Learning for the ultimate audio-visual Groovology, Austin Powers fans? Scour better stores for the 1968 cult film Psych-Out, now scandalously out of print (it was formerly available on HBO; Video Oyster, 212-989-3300, might help you locate a copy). Director Richard Rush (Color of Night) shot it right after the Summer of Love, in the hippie capital Haight-Ashbury and East L.A. He cooked up a volatile blend of reality and whimsy — call it docu-camp. As a deaf girl (Susan Strasberg) searches the Haight for her deranged brother (Bruce Dern), she crashes with a sly guitarist played by Jack Nicholson. His killer smile in full gleam, Nicholson isn’t the only notable: Henry Jaglom is a drug-crazed artist, and Garry Marshall plays a cop sick of the whole psychedelic thing. Dean Stockwell, in long hair and headband, coins be-true-to-yourself aphorisms, while the Seeds and the Strawberry Alarm Clock deliver music to burn incense by. It’s a vintage electric Kool-Aid brew.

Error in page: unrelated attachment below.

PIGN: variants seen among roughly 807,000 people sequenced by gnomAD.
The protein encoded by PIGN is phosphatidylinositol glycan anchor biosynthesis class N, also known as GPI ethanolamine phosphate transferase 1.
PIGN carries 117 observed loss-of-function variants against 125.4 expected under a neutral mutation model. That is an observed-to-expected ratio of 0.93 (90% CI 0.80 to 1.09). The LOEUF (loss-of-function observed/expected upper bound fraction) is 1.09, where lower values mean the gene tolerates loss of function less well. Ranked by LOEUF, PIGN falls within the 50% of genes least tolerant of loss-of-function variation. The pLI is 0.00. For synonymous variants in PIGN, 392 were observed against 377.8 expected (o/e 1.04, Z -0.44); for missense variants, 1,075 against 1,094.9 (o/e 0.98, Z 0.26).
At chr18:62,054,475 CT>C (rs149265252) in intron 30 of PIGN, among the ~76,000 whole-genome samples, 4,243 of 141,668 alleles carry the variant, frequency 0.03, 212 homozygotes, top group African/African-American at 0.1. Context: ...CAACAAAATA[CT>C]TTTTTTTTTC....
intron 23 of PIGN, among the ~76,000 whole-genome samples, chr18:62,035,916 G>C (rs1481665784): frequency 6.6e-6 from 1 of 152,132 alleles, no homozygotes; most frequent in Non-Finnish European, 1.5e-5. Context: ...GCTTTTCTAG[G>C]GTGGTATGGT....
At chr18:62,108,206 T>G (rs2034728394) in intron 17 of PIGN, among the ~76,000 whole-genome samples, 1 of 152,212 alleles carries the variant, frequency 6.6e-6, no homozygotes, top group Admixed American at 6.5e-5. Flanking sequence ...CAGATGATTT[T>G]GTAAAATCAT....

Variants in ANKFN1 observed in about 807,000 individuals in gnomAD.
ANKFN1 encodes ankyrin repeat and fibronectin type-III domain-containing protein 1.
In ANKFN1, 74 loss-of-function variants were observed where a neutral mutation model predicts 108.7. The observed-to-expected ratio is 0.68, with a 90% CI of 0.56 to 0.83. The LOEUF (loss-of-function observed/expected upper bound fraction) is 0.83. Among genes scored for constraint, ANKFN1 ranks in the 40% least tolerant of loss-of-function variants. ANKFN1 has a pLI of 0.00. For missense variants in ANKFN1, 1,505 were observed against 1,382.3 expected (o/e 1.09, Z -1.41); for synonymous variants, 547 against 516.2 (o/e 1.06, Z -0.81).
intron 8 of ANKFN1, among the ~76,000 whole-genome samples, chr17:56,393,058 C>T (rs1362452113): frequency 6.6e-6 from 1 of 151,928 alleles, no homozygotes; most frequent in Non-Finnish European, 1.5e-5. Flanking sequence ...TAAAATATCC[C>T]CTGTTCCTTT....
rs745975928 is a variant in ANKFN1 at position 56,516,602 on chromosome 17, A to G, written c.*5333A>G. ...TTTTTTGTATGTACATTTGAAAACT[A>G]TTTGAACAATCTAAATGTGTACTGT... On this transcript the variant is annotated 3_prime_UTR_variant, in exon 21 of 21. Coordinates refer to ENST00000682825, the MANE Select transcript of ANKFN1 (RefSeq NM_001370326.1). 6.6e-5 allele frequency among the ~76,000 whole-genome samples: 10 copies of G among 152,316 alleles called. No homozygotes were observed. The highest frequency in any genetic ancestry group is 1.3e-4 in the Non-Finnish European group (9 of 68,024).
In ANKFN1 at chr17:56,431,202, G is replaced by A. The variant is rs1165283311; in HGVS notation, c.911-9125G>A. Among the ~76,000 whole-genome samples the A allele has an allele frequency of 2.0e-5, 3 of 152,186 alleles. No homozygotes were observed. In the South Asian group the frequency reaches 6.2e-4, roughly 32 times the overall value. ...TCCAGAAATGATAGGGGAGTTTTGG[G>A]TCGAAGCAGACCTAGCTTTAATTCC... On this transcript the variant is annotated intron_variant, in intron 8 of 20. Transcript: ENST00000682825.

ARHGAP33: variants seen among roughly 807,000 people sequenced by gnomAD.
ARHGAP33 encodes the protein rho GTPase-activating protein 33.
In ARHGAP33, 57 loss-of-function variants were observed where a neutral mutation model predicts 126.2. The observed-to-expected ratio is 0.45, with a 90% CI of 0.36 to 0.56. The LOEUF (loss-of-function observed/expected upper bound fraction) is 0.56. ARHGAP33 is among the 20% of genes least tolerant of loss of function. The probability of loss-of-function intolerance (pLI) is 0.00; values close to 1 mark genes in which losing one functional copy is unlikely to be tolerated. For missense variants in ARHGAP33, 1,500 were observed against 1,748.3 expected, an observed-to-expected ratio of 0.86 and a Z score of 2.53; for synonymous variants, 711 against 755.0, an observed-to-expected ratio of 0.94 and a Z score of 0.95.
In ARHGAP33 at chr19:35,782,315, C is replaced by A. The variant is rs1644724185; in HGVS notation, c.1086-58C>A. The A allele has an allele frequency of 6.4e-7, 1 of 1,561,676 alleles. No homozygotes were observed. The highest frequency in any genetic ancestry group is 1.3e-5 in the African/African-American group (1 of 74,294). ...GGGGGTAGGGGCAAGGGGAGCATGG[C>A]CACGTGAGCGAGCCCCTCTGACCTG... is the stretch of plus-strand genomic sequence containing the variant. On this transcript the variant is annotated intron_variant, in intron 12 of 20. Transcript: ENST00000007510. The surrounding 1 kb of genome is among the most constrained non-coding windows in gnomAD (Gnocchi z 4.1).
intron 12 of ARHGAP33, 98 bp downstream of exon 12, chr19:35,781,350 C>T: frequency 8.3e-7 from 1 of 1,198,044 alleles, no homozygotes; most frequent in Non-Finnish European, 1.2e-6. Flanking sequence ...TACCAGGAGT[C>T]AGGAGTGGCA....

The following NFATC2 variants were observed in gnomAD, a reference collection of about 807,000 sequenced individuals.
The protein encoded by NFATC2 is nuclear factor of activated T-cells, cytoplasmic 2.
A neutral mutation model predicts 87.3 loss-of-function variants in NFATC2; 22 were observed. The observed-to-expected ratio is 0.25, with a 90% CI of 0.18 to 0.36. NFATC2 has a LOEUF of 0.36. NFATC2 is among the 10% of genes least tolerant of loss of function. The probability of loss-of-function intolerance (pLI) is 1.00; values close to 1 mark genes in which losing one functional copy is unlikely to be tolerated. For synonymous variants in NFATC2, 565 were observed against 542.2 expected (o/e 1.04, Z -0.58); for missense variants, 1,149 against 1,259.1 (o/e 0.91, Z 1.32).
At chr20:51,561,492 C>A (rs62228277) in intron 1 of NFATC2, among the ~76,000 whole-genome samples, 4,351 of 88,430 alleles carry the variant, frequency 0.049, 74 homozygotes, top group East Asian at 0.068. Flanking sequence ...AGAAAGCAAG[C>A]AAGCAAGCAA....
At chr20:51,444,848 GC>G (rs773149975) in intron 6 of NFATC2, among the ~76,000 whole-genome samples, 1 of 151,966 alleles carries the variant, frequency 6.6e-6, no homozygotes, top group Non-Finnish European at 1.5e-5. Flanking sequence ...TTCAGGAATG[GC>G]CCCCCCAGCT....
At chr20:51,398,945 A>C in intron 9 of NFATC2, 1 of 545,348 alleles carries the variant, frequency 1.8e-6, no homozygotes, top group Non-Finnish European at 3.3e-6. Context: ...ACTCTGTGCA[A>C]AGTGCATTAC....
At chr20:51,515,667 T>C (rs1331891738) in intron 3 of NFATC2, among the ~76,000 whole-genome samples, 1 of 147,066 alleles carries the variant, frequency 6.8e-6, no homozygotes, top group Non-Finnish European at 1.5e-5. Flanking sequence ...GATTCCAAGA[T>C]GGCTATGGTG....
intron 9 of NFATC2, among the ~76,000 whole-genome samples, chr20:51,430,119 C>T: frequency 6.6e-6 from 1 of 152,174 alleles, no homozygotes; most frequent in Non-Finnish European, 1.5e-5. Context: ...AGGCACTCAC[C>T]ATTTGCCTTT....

Filmed in 18 days on a $200,000 budget, Psych-Out features the Method-meets-methadone theatrics that won Rush clout in the exploitation field starting with Hell’s Angels on Wheels. With cinematographer Laszlo Kovacs (who later did Easy Rider), he pioneered variable-focus shots that make viewers feel as if they’re weaving through a commune. Reached at home in Bel Air, Rush recalls the Haight ”was getting nasty … I called the Hell’s Angels to protect us against the Love Children!” For years he thought the film was ”terribly sloganistic,” but now says, ”That was at the core of the culture — sound bites, songs, and posters.” For young audiences, ”Make love, not war” may prove more intriguing than, say, ”Show me the money.”